China’s Uighurs told to share beds, meals with party members

Ablikim Abliz, shows his uncle's family posing with an unknown Han Chinese man, second from the right. (Ablikim Abliz via AP)

By DAKE KANG and YANAN WANG
2018-11-30

ISTANBUL (AP) — The two women in the photograph were smiling, but Halmurat Idris knew something was terribly wrong.

One was his 39-year-old sister; standing at her side was an elderly woman Idris did not know. Their grins were tight-lipped, mirthless. Her sister had posted the picture on a social media account along with a caption punctuated by a smiley-face.

“Look, I have a Han Chinese mother now!” his sister wrote.

Idris knew instantly: The old woman was a spy, sent by the Chinese government to infiltrate his family.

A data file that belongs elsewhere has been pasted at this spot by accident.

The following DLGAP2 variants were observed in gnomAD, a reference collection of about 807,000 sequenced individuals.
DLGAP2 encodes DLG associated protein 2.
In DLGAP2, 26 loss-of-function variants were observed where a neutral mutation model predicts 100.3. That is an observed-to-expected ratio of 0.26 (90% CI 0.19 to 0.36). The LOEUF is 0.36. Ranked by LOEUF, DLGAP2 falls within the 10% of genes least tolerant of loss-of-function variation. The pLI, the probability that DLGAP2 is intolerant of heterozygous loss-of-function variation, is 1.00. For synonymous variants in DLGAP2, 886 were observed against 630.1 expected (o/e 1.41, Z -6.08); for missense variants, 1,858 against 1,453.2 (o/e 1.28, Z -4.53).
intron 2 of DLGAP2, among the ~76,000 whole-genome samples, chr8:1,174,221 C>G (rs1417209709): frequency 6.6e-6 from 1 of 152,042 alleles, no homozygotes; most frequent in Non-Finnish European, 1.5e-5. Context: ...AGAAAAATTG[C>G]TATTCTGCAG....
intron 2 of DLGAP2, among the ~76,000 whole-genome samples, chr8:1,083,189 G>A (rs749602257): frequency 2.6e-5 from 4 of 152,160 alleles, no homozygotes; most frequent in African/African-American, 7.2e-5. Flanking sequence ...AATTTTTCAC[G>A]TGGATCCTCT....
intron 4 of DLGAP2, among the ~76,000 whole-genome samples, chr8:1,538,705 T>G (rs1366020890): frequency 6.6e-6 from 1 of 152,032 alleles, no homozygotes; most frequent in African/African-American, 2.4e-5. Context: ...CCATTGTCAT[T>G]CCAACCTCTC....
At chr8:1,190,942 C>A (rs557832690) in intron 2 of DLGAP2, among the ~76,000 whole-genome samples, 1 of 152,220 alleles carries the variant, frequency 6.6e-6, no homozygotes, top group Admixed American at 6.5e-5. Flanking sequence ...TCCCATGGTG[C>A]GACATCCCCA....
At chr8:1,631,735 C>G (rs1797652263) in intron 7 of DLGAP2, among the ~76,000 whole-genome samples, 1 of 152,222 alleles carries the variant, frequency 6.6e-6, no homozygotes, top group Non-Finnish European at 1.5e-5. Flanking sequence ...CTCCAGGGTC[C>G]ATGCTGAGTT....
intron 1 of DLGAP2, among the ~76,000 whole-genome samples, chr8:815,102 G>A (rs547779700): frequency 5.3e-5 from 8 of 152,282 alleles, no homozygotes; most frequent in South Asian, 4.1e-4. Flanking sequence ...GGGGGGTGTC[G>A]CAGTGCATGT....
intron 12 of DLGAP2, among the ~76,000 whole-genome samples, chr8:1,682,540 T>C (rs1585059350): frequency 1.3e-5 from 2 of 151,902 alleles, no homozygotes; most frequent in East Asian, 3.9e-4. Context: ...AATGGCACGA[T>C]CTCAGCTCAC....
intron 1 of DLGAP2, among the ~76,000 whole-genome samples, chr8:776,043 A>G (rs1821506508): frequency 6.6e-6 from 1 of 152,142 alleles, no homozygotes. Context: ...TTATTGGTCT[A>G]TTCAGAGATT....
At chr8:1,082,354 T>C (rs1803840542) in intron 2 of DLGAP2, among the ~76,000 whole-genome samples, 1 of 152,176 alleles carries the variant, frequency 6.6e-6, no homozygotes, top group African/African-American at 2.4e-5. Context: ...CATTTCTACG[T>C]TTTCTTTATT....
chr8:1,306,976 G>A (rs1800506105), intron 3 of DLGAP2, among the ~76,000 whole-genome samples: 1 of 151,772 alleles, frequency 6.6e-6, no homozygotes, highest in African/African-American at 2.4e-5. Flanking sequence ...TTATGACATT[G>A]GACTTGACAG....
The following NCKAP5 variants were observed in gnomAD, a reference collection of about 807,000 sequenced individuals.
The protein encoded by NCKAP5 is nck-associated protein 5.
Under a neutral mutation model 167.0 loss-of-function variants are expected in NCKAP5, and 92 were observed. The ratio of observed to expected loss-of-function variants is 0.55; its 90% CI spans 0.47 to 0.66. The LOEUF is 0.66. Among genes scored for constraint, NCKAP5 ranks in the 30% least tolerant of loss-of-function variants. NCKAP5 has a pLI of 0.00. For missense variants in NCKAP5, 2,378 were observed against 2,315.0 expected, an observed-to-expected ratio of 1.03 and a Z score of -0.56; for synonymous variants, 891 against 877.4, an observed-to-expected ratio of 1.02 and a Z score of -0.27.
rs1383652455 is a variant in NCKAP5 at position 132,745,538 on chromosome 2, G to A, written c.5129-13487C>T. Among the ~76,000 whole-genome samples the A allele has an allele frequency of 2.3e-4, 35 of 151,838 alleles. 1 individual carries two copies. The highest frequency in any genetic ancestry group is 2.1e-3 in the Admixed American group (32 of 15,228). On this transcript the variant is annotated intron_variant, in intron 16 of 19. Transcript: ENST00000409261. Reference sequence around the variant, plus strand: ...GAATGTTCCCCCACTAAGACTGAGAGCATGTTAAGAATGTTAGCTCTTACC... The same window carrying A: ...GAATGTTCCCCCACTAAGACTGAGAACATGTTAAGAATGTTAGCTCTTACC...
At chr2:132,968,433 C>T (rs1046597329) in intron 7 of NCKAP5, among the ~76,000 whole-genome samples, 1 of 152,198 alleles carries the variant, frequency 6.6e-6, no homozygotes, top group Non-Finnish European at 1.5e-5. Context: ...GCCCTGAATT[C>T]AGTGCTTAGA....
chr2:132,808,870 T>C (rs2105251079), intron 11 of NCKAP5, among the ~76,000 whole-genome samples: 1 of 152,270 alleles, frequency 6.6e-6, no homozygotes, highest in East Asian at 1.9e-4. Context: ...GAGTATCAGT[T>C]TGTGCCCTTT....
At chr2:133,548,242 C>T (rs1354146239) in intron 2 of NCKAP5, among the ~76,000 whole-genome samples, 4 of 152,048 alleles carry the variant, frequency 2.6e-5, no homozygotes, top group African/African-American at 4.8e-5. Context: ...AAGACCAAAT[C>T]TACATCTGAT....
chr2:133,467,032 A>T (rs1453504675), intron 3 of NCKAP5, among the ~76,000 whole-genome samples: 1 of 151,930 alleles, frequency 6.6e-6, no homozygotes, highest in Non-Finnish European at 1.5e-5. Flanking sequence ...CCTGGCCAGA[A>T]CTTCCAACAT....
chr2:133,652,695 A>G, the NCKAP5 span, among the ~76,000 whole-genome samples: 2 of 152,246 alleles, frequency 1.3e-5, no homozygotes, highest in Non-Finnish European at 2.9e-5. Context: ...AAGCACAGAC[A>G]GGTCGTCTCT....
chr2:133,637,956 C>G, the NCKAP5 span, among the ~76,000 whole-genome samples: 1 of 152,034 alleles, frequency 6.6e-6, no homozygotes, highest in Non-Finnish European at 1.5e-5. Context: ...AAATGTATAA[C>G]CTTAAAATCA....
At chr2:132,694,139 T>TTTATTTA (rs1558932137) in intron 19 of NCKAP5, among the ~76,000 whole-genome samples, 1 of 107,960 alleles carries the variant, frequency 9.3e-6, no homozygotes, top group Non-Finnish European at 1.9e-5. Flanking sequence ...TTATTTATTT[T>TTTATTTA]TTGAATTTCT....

There are many like her. According to the ruling Communist Party’s official newspaper, as of the end of September, 1.1 million local government workers have been deployed to ethnic minorities’ living rooms, dining areas and Muslim prayer spaces, not to mention at weddings, funerals and other occasions once considered intimate and private.

All this is taking place in China’s far west region of Xinjiang, home to the predominantly Muslim, Turkic-speaking Uighurs, who have long reported discrimination at the hands of the country’s majority Han Chinese.

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